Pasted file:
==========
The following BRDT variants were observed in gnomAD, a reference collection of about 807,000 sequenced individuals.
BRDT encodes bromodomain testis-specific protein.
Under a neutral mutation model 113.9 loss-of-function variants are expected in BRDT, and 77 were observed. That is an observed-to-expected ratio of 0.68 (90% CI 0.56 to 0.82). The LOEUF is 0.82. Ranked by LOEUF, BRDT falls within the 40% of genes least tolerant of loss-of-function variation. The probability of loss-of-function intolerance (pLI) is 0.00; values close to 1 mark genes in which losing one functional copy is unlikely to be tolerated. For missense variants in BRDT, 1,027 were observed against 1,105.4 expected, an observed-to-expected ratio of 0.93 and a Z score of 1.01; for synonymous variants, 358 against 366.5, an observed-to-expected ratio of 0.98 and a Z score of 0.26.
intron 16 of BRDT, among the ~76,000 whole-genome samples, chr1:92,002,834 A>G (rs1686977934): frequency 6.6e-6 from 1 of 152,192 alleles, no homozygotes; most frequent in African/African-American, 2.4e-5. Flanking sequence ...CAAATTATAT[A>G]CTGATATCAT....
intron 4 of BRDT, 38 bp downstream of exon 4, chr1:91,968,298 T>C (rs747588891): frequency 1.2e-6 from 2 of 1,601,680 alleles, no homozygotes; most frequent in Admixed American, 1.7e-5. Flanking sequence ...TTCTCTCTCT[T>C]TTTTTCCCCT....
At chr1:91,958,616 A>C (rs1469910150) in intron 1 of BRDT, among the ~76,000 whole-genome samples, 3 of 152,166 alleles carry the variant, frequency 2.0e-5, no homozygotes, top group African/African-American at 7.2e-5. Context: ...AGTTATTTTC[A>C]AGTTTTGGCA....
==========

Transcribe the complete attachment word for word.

The following BRDT variants were observed in gnomAD, a reference collection of about 807,000 sequenced individuals.
BRDT encodes bromodomain testis-specific protein.
Under a neutral mutation model 113.9 loss-of-function variants are expected in BRDT, and 77 were observed. That is an observed-to-expected ratio of 0.68 (90% CI 0.56 to 0.82). The LOEUF is 0.82. Ranked by LOEUF, BRDT falls within the 40% of genes least tolerant of loss-of-function variation. The probability of loss-of-function intolerance (pLI) is 0.00; values close to 1 mark genes in which losing one functional copy is unlikely to be tolerated. For missense variants in BRDT, 1,027 were observed against 1,105.4 expected, an observed-to-expected ratio of 0.93 and a Z score of 1.01; for synonymous variants, 358 against 366.5, an observed-to-expected ratio of 0.98 and a Z score of 0.26.
intron 16 of BRDT, among the ~76,000 whole-genome samples, chr1:92,002,834 A>G (rs1686977934): frequency 6.6e-6 from 1 of 152,192 alleles, no homozygotes; most frequent in African/African-American, 2.4e-5. Flanking sequence ...CAAATTATAT[A>G]CTGATATCAT....
intron 4 of BRDT, 38 bp downstream of exon 4, chr1:91,968,298 T>C (rs747588891): frequency 1.2e-6 from 2 of 1,601,680 alleles, no homozygotes; most frequent in Admixed American, 1.7e-5. Flanking sequence ...TTCTCTCTCT[T>C]TTTTTCCCCT....
At chr1:91,958,616 A>C (rs1469910150) in intron 1 of BRDT, among the ~76,000 whole-genome samples, 3 of 152,166 alleles carry the variant, frequency 2.0e-5, no homozygotes, top group African/African-American at 7.2e-5. Context: ...AGTTATTTTC[A>C]AGTTTTGGCA....